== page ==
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MimbleWimble happens to be a blockchain protocol that increases the privacy level of the network by getting rid of the addresses in a transaction, thus making it significantly different from the pioneering blockchain protocol offered by Bitcoin. As a result of this major USP, several mainstream cryptocurrency networks have also inclined towards switching over to MimbleWimble, or at least they have started planning future projects on this protocol.
One of the most anticipated moves was made by Litecoin in the Q4 of 2020 where they launched the MimbleWimble testnet for the LTC network, but it was kept in a beta version and was only accessible to developers for extensive testing. However, it will be released for the public in 2021 and that would be a very major USP for investors to start pouring their money into Litecoin. It is worth noting that although Litecoin is a decent project and offers a tough competition to Bitcoin in terms of a better architecture, the coin had a very tough 2020 as it could not achieve its ATH glory, whereas most of its competitors set their new ATHs. Therefore, this security upgrade could be a game-changer for Litecoin in both, short and long terms.
Apart from the fact that MW offers high privacy, it provides greater prospects for scalability as well and since the adoption for Litecoin is expected to grow after this upgrade, the network would certainly need a better architecture for scalability. The following list presents a few more benefits that LTC network would enjoy:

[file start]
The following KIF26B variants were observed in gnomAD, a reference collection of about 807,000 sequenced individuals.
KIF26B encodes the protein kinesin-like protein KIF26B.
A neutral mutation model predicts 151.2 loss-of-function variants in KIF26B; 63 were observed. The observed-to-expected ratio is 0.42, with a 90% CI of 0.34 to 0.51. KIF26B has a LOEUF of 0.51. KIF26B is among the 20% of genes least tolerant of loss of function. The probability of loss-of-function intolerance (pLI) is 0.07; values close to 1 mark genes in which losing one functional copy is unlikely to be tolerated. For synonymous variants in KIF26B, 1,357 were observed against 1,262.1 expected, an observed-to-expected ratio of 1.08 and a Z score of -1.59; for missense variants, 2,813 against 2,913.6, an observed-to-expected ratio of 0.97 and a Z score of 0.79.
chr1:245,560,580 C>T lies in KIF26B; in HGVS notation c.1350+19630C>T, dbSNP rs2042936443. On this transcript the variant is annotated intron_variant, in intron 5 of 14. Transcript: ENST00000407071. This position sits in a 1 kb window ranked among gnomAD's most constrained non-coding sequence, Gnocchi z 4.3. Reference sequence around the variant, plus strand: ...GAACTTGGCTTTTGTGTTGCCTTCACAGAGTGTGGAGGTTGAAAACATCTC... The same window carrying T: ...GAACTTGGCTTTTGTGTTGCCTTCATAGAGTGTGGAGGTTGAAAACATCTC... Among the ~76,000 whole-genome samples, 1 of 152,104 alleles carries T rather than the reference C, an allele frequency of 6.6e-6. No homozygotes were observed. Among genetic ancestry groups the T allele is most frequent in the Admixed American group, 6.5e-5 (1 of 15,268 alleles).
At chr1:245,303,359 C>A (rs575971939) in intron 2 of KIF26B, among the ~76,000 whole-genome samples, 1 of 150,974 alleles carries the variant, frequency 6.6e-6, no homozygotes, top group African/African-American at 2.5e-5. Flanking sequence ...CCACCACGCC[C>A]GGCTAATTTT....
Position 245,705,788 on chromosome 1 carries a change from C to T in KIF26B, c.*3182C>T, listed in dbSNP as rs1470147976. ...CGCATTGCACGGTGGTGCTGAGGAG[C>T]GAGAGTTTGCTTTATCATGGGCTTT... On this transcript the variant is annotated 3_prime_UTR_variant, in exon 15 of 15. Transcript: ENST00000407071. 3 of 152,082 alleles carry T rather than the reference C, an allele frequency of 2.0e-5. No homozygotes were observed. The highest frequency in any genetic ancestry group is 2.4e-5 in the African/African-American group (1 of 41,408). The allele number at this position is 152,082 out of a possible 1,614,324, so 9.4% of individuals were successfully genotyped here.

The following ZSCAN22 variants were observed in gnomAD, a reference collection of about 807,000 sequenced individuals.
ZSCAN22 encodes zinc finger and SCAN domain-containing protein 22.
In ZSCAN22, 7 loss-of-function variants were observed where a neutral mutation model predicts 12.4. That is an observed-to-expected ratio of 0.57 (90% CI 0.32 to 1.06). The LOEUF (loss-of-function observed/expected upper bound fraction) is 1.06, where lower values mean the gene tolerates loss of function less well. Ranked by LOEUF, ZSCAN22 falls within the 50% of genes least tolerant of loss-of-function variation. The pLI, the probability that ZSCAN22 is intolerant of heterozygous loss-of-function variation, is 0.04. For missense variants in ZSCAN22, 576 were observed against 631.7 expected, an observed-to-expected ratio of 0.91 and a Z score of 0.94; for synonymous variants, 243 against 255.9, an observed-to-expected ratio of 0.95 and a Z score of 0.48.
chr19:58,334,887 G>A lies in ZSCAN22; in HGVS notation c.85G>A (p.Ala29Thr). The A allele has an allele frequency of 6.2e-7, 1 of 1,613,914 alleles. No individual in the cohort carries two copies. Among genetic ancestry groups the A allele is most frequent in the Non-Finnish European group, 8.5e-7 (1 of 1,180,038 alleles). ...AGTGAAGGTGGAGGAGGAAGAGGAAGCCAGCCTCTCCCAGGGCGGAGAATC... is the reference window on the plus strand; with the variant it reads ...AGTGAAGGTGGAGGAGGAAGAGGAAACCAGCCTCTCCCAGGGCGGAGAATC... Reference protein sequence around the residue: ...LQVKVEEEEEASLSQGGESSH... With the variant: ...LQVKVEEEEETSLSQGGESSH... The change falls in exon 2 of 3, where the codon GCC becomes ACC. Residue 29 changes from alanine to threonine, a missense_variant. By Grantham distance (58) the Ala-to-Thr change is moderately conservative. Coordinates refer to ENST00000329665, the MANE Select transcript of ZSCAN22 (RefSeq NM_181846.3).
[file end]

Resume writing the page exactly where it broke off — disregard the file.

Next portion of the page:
Even in the bullish market, LTC is roughly half the value of its ATH in 2017, which was around $365. Although the community appreciates the project for faster transaction speed, the concerns revolving around security and privacy have grown exponentially (generally) in the crypto sphere and therefore, any project that stresses enhancing these two factors would certainly enjoy an edge in the market.
However, it is also quite evident that regulators are coming hard on privacy-centric coins as it’s not in their interest when it comes to taxation and money laundering. But since privacy happens to be a core concern for all users and the focus of cryptocurrencies is mainstream users, not the governments, their backlash can only be deemed as a byproduct of attempting to make the platform stronger and better.
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